It is funny. I had this blog post written out about how progressive communities in the South should support labor in all of these different ways, and why we must do better in our advocacy of working families. I had listed out all of these great ways that progressive communities could get involved in the labor movement, and that we should be more proactive and vocal in our support for better wages, better benefits, and a safer workplace.
Then I talked to my father.
“So one thing that I suggest is that progressives could have house parties to discuss labor issues in their community.”
“Oh. Well, who is going to be there to discuss the labor issues with the group?”
“Well, I just figured that the people would discuss it amongst themselves.”
“But didn’t your last post talk about the lack of communication in Southern labor? So you expect people to go from not having any information at all about the things that labor is doing in their area, to being able to host house parties? Is that realistic, son?”
After two semesters of courses and teaching composition classes, I am finally returning to regularly going to yoga classes. I’m finally returning to doing both yoga and meditation on my own. In these moments I am able to slow down my world, listen to my breath, and focus on what my body is saying to me. After I end my sessions, I return to the world with a renewed, focused mental clarity. I then start thinking on how the lessons I learn in these sessions relate to other aspects of my life, especially with regard to progressive work in the South. I feel like so many progressive folks I have seen, especially while living in Alabama, feel worn down and seem defeated, despite working their damn hardest at times. I wonder, though, what would happen if we started doing more internal reflection, focusing on our local progressive groups’ heartbeats, breaths, intentional inner thoughts. Continue reading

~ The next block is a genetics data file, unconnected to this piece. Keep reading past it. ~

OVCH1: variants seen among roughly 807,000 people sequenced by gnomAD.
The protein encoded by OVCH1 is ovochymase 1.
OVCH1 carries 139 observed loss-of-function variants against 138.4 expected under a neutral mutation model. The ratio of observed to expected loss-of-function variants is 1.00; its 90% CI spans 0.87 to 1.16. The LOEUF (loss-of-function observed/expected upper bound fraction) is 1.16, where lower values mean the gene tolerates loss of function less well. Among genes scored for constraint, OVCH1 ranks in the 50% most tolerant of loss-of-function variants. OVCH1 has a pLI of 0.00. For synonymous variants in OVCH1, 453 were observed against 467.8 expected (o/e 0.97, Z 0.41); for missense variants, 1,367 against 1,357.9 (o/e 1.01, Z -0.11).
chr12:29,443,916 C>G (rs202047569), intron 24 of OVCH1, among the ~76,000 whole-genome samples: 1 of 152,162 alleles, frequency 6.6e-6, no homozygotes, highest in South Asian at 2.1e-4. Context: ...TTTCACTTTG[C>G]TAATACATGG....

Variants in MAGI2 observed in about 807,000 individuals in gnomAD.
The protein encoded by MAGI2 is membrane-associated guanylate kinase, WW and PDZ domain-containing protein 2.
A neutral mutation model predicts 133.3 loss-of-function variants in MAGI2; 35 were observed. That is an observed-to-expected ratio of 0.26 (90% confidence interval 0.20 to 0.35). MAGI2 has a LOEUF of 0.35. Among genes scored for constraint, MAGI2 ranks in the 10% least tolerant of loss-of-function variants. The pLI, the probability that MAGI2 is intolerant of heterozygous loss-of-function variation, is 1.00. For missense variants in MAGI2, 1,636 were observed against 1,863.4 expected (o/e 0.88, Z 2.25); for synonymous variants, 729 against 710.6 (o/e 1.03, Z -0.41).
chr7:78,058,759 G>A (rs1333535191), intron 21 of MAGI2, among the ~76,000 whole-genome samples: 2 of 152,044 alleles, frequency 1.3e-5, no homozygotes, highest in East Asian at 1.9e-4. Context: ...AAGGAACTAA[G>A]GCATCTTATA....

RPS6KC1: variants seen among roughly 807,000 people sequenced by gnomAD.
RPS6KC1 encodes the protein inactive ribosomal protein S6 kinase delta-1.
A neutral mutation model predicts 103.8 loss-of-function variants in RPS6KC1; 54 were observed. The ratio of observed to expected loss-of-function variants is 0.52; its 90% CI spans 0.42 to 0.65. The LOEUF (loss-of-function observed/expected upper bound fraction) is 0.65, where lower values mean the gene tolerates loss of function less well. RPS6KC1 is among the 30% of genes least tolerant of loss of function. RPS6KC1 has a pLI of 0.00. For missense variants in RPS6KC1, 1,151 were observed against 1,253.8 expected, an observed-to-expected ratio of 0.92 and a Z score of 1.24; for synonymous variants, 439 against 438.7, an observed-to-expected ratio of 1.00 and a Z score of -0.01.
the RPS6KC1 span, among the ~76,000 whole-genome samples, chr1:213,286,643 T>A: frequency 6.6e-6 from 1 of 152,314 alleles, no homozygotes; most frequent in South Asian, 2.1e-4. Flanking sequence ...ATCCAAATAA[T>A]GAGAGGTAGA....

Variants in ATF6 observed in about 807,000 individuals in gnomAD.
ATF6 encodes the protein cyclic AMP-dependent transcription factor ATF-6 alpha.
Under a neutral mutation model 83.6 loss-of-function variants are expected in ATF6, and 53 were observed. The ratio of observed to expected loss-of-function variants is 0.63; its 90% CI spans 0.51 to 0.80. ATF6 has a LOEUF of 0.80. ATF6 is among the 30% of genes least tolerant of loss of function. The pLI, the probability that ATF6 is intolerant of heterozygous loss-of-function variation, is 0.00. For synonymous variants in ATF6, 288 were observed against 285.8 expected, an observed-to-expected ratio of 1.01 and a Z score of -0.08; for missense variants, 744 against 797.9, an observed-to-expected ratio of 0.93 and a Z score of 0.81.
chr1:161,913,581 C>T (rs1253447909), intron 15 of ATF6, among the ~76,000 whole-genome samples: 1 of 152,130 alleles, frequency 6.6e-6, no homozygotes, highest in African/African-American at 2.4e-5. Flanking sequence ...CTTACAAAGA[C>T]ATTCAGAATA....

South Carolina is the last state in the country to still segregate HIV+ inmates into separate areas, away from HIV- inmates. The last three states in the nation to continue with this policy were South Carolina, Alabama, and Mississippi. Alabama’s policy was deemed unconstitutional just last year, after a court battle. Mississippi changed its policy in 2010 after activists and attorneys pressured the Department of Corrections commissioner Christopher Epps to rescind the policy (which he did, very much to his credit).
Segregating HIV+ inmates is bad policy for some pretty obvious reasons.
Meagan M. O’Nan is a guest blogger for The South Lawn. She is a spiritual leader, life coach, and Mississippi native (among many other amazing things). The original blog piece, a personal narrative that wrestles with coming out in various ways in Mississippi, can be found on Meagan’s blog.
“Courage is not the absence of fear, but rather the judgement that
something else is more important than fear.”
― Ambrose Redmoon
I have a lot of emotions about today and tomorrow’s Supreme Court hearings getting started. The majority of what I am feeling is anxiety. Anxiety is the combination of fear and excitement wrapped together. I really am hopeful that the fear will subside, so that anticipation and hope can step forward. But that means I have to be willing to see the best in all people: myself, my parents, my family, my friends, the State of Mississippi, and beyond – gay and straight alike. That’s a risk for me, but I am willing to put aside my fears so that the truth of who we really are can seep in.